Australian investors may believe they know Australia best.
Accordingly, they are liable to put the bulk of their investments in stocks and bonds of Australia-based companies and in Australian government fixed interest securities.
Yet this strategy has some holes. “Home bias”(*1) can limit your investment opportunities and constrain your ability to benefit from diversification.
Consider these revealing numbers:
– Stocks of the roughly 21,000 companies trading outside Australia represent around 98% of the world’s more than $120 trillion equity market (see Exhibit 1).
Wealth of Nations
Percentage of World Equity Market Capitalisation as at 31 December 2021
– The investment-grade bonds in the Bloomberg Global Aggregate Bond Index are valued at more than $94 trillion—and most of this debt is issued outside Australia (see Exhibit 2) and in currencies other than the Australian dollar.
Percentage of World Investment-Grade Bond Market as at 31 December 2021
Global Ups and Downs
When Australians invest outside Australia, they can capture equity returns from thousands of companies around the globe and potentially offset weak performance in one market with stronger returns elsewhere.
Returns in 2022(*2) offer a useful example of this phenomenon: The Australian stock market tumbled 7.1% (through June), but non-Australian developed markets like the UK (–3.6%) and Hong Kong (2.6%) performed much better.
And, in two examples from emerging markets, Chile soared 15.2% and Turkey gained 6.3%.
Similarly, in fixed interest markets, both yields and total returns typically vary across the globe and often do not move in lockstep, which is no surprise.
Bonds issued in different countries and currencies can offer a range of yields and expected returns.
The Paradox of Size
A country’s size, population or gross domestic product doesn’t necessarily tell us much about the investment opportunities in that country.
Japan, for instance, is relatively small in landmass but accounts for 6% of the world’s equity market value – representing more than 2,500 companies, including familiar names like Toyota and Sony – as well as 13% of the investment-grade bond market.
Even a tiny country like Switzerland is home to publicly traded giants like Nestlé and two of the world’s biggest pharmaceutical firms.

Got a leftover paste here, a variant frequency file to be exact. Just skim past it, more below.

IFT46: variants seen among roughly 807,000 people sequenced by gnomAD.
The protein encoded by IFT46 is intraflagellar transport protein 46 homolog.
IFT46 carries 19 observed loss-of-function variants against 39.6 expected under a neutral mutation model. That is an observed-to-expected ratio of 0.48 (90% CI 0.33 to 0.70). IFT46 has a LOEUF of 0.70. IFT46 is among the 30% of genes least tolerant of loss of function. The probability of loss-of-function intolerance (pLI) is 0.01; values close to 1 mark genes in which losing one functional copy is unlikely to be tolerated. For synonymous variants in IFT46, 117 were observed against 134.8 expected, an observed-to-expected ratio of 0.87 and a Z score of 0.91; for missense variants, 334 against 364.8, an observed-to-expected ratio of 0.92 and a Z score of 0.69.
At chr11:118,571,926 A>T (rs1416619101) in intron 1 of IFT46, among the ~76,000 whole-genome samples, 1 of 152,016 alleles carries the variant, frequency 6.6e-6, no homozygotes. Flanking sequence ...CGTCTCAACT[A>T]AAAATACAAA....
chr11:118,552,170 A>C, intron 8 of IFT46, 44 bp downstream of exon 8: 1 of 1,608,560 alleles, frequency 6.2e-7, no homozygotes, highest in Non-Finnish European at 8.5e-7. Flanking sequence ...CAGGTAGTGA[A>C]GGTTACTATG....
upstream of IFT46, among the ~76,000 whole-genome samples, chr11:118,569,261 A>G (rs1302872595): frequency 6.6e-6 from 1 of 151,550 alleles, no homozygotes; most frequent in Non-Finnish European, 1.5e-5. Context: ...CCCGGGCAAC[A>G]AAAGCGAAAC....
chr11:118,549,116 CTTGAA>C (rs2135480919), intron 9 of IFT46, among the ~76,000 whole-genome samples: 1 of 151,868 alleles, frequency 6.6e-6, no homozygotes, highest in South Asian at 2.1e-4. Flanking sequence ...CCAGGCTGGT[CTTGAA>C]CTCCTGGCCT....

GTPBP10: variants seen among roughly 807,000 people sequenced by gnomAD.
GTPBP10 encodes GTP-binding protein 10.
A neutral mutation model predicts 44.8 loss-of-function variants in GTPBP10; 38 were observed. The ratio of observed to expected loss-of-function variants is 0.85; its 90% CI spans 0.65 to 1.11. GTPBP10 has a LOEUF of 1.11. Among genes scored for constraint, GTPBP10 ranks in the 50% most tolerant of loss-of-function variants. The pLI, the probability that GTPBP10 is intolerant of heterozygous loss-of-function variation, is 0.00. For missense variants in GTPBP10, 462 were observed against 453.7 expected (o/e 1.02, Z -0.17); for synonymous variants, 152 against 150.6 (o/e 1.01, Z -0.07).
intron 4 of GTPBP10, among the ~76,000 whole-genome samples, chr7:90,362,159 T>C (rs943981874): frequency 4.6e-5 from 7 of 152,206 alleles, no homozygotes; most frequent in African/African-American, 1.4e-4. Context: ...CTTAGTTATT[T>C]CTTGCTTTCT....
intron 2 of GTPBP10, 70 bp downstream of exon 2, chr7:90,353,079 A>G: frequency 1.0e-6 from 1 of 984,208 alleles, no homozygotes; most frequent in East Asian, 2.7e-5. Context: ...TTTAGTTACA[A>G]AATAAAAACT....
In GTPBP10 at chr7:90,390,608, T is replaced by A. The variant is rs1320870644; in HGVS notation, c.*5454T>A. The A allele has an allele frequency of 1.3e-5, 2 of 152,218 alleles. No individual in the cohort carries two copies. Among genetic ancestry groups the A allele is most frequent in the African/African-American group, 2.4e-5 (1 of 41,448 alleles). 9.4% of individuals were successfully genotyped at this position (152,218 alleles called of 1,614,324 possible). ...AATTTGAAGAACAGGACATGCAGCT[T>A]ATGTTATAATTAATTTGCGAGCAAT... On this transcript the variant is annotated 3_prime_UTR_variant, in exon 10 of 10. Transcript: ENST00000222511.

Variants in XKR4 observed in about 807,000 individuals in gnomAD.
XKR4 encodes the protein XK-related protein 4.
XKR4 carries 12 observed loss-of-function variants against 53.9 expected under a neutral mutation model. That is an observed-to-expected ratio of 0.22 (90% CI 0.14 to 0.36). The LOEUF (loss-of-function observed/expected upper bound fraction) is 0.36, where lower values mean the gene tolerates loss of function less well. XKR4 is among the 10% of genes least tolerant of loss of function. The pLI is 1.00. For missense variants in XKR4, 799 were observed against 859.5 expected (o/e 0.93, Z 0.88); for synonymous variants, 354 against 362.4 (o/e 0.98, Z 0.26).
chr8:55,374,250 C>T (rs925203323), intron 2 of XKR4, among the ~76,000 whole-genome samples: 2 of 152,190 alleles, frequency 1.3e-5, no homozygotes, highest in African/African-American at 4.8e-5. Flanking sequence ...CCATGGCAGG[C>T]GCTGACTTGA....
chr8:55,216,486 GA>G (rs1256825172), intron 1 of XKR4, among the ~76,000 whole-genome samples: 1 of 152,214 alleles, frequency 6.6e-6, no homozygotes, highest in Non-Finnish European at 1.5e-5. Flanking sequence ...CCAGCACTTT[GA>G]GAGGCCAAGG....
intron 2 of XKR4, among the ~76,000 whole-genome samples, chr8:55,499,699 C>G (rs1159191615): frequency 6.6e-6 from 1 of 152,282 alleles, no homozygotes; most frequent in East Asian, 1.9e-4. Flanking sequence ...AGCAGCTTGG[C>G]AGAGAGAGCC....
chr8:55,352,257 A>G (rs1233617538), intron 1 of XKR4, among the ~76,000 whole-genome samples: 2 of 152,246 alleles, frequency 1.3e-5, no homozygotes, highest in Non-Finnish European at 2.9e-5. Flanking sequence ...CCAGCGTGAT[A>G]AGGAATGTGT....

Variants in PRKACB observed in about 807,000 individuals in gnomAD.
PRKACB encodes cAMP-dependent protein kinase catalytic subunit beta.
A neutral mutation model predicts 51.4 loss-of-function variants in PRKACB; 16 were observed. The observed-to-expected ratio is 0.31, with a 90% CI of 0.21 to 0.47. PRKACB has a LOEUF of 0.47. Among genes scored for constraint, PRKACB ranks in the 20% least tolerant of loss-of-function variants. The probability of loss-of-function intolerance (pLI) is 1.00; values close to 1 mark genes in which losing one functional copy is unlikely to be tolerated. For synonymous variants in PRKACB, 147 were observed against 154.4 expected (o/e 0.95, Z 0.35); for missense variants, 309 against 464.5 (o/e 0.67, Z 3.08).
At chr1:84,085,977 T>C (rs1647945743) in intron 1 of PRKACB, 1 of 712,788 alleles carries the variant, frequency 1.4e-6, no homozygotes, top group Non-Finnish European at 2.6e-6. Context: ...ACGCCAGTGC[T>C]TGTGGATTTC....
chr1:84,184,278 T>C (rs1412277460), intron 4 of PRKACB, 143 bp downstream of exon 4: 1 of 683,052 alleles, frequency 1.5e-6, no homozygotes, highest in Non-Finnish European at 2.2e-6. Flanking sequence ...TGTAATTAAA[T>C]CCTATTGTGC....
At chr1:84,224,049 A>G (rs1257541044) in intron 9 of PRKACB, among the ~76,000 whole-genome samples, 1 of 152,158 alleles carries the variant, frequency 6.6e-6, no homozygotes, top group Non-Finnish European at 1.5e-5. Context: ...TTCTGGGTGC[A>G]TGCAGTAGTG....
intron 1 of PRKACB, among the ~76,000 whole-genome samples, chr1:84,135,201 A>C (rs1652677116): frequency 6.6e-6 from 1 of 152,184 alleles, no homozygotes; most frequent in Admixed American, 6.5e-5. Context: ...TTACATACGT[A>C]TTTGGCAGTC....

By looking outside their home market, investors can expand their choices and opportunities for higher expected returns.
A global approach can also enhance diversification, which may help reduce portfolio risk and volatility.
This isn’t guaranteed to produce strong returns every year, but it can deliver more reliable outcomes over time, helping investors stay on track toward achieving their long-term goals.
(*1) For more information on home bias, see the following: “Home Bias,” Corporate Finance Institute, September 18, 2020; Eduard Gaar, David Scherer, and Dirk Schiereck,“The Home Bias and the Local Bias: A Survey,” Management Review Quarterly 72 (November 2020): 21–57; and “The Randomness of Global Stock Returns” (Dimensional Fund Advisors, June 2019).
(*2)MSCI country index performance, year to date as at 30 June 2022. MSCI data © MSCI 2022, all rights reserved.
This information is intended for educational purposes. Named securities may be held in accounts managed by Dimensional.
The securities identified do not represent all securities purchased or sold for client accounts. It should not be assumed that an investment in the securities identified was or would be profitable. These materials are not, and should not be construed as, a recommendation to purchase or sell the security identified or any other securities.
Past performance is not a guarantee of future results. Diversification neither assures a profit nor guarantees against loss in a declining market.
This material is issued by DFA Australia Limited (AFS Licence No. 238093, ABN 46 065 937 671). This material is provided for information only. No account has been taken of the objectives, financial situation or needs of any particular person. Accordingly, to the extent this material constitutes general financial product advice, investors should, before acting on the advice, consider the appropriateness of the advice, having regard to the investor’s objectives, financial situation and needs. Investors should also consider the target market determination that has been made for each financial product either issued or distributed by DFA Australia Limited prior to proceeding with any investment. Go to dimensional.com/funds to access a copy of the relevant target market determination. Any opinions expressed in this material reflect our judgement at the date of publication and are subject to change.